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Comments for entry Kalaidascope
So exactly what message does this bit of humour convey? That violence is ok if you laugh about it? Who told you this joke or where did you get it from? I dont think I quite get this one. If you ask me, I think I like Rabbi Lederman's jokes a little better.
I find this set of questions fascinating. Not so much because of what they ask, but what they say. I suppose a question is a window into the mind of the asker. It is a clue as to what they think, or what they wish to know. (Sorry if I am getting too deep, but it's Holy Thursday, there's no one around, and I don't have much to do.)
Let's look at this line by line:
So exactly what message does this bit of humour convey?
The fact that one would ask this question shows that one lacks the background to understand the joke. There is nothing wrong with that. We all are lacking in certain types of knowledge, and many jokes presuppose certain common understandings. For instance, I had a Puerto Rican roommate once who didn't find the Marx Brothers funny at all! He said, "What is so funny about this stupid guy who insults everbody?" I realized that he just didn't understand the humor. He lacked the necessary context.
That violence is ok if you laugh about it?
I wonder where Edward is coming from on this. Is he a pacifist that finds all violence distasteful, including self defense? Or does he find violence is sometimes necessary but does not believe it is something to ever laugh about. Does he find Tom and Jerry and The Roadrunner cartoons equally offensive? Or is it the ethnicity of the actors in this joke that offends him? Or could it be that he just didn't read the joke carefully enough to realize that the Israeli was acting in self defense and actually ends up saving the lives of the two American reporters? It is very hard to know why he finds this objectionable.
Who told you this joke or where did you get it from? I dont think I quite get this one.
This is the most hard to understand of all. Why does it matter who told it to me? Perhaps this is a search for context. He may be wondering if the person who told me this joke is someone who he would not like, in which case his negative reaction would be justified. Or maybe he would be someone who he would respect, in which case then he might have to question his own take on the joke.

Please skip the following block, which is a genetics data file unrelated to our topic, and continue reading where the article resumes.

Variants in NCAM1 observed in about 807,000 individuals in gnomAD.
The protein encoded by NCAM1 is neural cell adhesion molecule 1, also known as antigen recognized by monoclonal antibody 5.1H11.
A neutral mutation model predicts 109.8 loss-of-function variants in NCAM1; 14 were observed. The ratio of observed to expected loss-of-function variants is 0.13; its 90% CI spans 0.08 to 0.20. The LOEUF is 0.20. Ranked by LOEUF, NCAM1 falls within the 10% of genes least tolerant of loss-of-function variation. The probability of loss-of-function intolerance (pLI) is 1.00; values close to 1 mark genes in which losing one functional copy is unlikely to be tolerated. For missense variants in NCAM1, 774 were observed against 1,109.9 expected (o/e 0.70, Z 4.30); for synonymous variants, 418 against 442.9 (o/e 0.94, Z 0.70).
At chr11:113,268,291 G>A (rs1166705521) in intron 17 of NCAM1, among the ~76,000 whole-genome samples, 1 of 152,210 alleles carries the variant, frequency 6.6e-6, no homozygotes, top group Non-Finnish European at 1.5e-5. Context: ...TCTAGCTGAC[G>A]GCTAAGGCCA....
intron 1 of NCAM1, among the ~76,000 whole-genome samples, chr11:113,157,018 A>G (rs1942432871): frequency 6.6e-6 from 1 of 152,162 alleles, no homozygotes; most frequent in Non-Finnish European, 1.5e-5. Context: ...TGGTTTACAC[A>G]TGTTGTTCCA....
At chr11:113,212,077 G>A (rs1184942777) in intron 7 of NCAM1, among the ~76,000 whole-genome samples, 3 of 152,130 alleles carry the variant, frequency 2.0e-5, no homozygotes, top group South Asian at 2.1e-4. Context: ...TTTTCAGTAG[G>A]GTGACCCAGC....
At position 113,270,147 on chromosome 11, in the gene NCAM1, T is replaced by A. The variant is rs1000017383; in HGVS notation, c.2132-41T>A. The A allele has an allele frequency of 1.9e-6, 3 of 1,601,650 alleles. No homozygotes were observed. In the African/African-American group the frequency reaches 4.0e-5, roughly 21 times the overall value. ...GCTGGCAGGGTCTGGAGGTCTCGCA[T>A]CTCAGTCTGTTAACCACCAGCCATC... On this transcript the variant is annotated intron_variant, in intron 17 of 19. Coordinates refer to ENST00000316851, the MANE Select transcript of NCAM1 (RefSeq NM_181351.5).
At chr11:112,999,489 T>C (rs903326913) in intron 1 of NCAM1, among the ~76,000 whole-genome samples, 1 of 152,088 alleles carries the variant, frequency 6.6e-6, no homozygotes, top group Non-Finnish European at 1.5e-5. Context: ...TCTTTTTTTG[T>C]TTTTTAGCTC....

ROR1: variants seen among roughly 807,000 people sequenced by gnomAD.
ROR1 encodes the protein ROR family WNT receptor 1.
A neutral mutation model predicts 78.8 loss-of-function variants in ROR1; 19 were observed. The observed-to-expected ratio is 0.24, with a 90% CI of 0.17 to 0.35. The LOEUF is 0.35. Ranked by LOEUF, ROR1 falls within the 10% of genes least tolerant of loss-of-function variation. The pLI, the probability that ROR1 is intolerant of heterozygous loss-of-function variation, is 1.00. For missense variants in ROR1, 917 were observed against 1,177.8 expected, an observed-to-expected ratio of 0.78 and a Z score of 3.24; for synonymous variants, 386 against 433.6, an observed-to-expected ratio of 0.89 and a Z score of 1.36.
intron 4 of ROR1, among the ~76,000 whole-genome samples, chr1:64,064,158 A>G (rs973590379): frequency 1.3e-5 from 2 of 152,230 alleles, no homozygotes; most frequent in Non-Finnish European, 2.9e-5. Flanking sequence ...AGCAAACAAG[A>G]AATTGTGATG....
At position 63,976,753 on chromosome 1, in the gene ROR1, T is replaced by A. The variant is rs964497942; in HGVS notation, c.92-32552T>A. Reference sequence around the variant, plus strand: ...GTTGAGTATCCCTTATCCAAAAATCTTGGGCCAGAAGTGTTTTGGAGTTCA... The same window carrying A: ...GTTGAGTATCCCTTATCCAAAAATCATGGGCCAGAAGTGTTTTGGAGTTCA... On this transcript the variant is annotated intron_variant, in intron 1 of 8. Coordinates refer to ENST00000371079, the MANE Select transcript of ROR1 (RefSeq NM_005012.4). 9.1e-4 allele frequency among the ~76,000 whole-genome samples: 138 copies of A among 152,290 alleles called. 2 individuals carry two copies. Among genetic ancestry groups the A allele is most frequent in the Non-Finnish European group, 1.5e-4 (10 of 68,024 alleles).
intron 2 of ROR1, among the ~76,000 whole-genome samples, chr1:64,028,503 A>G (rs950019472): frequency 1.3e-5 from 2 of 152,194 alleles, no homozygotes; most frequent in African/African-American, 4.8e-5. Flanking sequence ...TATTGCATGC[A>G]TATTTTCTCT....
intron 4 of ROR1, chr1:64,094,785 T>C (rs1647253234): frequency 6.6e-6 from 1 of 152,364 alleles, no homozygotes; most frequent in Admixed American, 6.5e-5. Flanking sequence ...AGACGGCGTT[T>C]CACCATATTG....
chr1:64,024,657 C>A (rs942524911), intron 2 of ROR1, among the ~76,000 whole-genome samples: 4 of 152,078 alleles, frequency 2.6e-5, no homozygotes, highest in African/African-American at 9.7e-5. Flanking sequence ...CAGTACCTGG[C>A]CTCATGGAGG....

If you ask me, I think I like Rabbi Lederman's jokes a little better.
Now we move from questions to a statement. This statement indicates that he likes another person's jokes better. Yet even here he hedges his bets a little by saying he likes the "a little" better. This could mean A) that if it turns out that the joke actually is a good one, he only liked Lederman's jokes slightly better, so he did not totally reject the humor, or B) he actually liked Lederman's joke "a lot" better, but in an effort to not be offense he inverts the adjective.
Anyway...I think I beat this horse to death. (Sorry if that violent image offends anyone out there. You never know...there might be a PETA supporter in the audience. Ha! I finally found a way to bring PETA into the guestbook. PETA. PETA. PETA. If I keep repeating it, maybe when someone is doing a search on PETA they will end up here.)
But what I am really getting to is that the middle east is like a kalaidascope. The images keep moving around and changing. They change even more the more you know. All kinds of strange combinations come up. And everyone sees it differently. Even the same person sees it differently as time goes on.
Visit Israel...Kalaidascope of God!
Author: Von Cello Eintrag from 20.03.2008
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